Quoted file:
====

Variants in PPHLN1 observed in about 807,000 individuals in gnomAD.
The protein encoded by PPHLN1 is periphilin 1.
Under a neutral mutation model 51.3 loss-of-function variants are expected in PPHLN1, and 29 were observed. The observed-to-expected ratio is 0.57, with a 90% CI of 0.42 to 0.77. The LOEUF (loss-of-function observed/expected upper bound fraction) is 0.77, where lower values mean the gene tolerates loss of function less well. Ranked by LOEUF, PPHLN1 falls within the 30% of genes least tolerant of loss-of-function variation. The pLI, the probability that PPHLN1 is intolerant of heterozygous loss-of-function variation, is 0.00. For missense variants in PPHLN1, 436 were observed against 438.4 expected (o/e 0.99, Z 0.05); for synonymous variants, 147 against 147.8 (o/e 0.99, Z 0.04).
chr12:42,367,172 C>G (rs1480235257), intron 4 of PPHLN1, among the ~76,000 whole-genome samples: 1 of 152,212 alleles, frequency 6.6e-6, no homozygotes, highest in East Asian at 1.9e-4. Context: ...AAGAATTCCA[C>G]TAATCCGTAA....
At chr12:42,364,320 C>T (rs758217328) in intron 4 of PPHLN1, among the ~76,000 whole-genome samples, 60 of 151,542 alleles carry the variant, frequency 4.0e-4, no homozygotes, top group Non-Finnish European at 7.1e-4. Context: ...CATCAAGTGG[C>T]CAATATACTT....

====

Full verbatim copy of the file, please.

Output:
Variants in PPHLN1 observed in about 807,000 individuals in gnomAD.
The protein encoded by PPHLN1 is periphilin 1.
Under a neutral mutation model 51.3 loss-of-function variants are expected in PPHLN1, and 29 were observed. The observed-to-expected ratio is 0.57, with a 90% CI of 0.42 to 0.77. The LOEUF (loss-of-function observed/expected upper bound fraction) is 0.77, where lower values mean the gene tolerates loss of function less well. Ranked by LOEUF, PPHLN1 falls within the 30% of genes least tolerant of loss-of-function variation. The pLI, the probability that PPHLN1 is intolerant of heterozygous loss-of-function variation, is 0.00. For missense variants in PPHLN1, 436 were observed against 438.4 expected (o/e 0.99, Z 0.05); for synonymous variants, 147 against 147.8 (o/e 0.99, Z 0.04).
chr12:42,367,172 C>G (rs1480235257), intron 4 of PPHLN1, among the ~76,000 whole-genome samples: 1 of 152,212 alleles, frequency 6.6e-6, no homozygotes, highest in East Asian at 1.9e-4. Context: ...AAGAATTCCA[C>G]TAATCCGTAA....
At chr12:42,364,320 C>T (rs758217328) in intron 4 of PPHLN1, among the ~76,000 whole-genome samples, 60 of 151,542 alleles carry the variant, frequency 4.0e-4, no homozygotes, top group Non-Finnish European at 7.1e-4. Context: ...CATCAAGTGG[C>T]CAATATACTT....